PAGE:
seismogram


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seis·mo·gram

 (sīz′mə-grăm′)
n.
The record of an earth tremor made by a seismograph.

seis•mo•gram

(ˈsaɪz məˌgræm, ˈsaɪs-)

n.
a record made by a seismograph.
[1890–95]

seismogram

the record of an earthquake’s vibrations and intensity made by a seismograph.
See also: Earthquakes
ThesaurusAntonymsRelated WordsSynonymsLegend:
Noun1.seismogram - the graphical record of an earth tremor made by using a seismograph
graph, graphical record - a visual representation of the relations between certain quantities plotted with reference to a set of axes
References in periodicals archive ?
The cut-off frequency was chosen empirically considering the signal power and amplitude in the frequency domain and maximising the correlation coefficient between seismogram and GPSgram.
"We're throwing away the first three hours of the seismogram and what we're looking at is between three and 10 hours after a large earthquake happens.
This eruption is recorded on a seismogram with maximum amplitude of 27 millimeters and duration of 31 seconds,' PVMBG wrote as quoted by VIVA on the Geology Agency's official website, Friday (8/24).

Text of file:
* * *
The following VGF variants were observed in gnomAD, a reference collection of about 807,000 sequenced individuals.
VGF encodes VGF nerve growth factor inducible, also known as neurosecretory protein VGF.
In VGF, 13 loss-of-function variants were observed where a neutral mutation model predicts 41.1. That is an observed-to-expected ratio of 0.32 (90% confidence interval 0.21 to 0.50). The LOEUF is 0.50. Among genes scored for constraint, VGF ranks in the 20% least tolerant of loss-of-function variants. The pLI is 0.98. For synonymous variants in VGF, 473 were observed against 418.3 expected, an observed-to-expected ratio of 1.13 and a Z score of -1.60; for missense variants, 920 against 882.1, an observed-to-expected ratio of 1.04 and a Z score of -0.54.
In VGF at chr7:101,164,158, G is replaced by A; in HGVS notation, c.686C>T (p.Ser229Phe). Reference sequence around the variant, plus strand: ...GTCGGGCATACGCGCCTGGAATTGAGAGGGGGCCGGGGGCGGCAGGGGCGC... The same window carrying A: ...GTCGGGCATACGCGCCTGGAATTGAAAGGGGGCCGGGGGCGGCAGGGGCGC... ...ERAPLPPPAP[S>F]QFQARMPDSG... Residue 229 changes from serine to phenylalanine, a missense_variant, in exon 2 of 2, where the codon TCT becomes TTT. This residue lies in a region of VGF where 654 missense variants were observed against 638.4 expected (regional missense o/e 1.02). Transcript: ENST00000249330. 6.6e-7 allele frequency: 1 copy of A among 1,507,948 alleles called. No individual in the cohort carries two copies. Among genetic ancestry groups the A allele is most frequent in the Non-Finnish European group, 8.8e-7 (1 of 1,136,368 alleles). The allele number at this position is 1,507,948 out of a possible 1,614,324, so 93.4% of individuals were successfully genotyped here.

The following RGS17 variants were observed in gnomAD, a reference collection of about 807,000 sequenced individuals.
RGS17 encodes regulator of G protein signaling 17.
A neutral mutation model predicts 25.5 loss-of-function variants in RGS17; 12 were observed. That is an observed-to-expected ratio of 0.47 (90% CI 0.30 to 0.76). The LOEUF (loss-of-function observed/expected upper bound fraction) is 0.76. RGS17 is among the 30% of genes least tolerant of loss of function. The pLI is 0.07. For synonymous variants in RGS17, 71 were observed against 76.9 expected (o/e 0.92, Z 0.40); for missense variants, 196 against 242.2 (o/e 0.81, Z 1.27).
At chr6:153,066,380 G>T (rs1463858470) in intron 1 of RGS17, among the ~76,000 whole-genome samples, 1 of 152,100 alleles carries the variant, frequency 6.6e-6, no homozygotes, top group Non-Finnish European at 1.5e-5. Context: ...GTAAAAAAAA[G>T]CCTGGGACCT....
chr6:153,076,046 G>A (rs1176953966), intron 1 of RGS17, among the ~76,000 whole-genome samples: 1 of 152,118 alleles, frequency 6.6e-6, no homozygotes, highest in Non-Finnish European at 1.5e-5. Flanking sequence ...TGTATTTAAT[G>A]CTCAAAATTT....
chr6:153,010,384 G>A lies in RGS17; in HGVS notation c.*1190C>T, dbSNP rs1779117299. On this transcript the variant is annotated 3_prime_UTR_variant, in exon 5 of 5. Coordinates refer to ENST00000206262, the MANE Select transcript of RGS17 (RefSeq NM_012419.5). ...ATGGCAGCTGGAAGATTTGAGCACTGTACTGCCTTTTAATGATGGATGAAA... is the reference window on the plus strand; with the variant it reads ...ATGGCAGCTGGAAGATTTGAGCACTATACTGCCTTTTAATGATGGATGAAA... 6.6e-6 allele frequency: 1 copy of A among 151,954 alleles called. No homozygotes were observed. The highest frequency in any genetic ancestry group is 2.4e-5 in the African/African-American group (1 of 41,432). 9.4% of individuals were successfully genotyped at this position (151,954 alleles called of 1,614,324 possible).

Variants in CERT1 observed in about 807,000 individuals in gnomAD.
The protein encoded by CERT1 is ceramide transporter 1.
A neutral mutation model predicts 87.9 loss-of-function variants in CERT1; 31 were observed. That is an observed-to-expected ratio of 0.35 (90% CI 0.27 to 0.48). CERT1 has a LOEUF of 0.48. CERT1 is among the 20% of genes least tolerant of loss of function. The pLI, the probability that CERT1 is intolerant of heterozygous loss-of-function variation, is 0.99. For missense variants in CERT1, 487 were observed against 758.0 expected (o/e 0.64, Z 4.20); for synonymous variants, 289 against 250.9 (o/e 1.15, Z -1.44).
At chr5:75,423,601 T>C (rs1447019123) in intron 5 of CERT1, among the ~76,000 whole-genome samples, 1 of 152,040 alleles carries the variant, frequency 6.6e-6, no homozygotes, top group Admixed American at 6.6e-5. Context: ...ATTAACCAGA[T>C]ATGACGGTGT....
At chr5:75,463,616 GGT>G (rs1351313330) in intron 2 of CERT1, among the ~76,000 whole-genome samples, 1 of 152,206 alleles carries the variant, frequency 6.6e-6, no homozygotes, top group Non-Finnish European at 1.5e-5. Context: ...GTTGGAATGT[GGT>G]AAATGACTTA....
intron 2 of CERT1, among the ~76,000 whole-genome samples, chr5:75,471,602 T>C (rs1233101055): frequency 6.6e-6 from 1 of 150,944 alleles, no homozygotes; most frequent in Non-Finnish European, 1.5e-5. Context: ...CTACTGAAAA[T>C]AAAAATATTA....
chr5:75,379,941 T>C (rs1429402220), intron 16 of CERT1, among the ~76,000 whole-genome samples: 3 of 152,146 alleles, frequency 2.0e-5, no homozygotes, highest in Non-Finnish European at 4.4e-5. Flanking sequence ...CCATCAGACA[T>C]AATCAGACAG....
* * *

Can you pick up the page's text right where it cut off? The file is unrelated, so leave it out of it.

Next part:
Moreira (1991a) using a duration formula and just the seismogram from Hohenheim (seismic station located in Stuttgart) calculated M = 6.7.
Later to confirm our calculated DT log, a synthetic seismogram is generated using calculated DT log and density log (RHOB).
A seismogram recorded at Llynfaes on the Wednesday showed minor seismic activity at 1.05pm, but this does not account for noises reported later in the week.
Seismic refraction was carried out in the study area, using a 24-Channel ABEM Terraloc Mark 6 seismogram [2].
Richard Hoyle, a student reading geological science at the University of Leicester, said: "A few days after we installed the equipment at the school and were analysing data collected, we noticed large peaks on the seismogram during football matches being held in the stadium nearby.
Richard Hoyle, a first-year student from Leeds studying geological science at the University of Leicester, said: "A few days after we installed the equipment at the school and were analysing data collected, we noticed large peaks on the seismogram during football matches being held in the stadium nearby.
University of Leicester first year student Richard Hoyle said: "We noticed large peaks on the seismogram during matches.
An increase of one unit of magnitude, for example, from a 4.0 to a 5.0 quake, is a 10-fold increase in wave amplitude on a seismogram, or about a 30-fold increase in energy released.
In a seismogram the attenuation is represented by the amplitude reduction, caused by geometric spreading, intrinsic attenuation due to the medium anelasticity, scattering associated with the inhomogeneities, among other factors.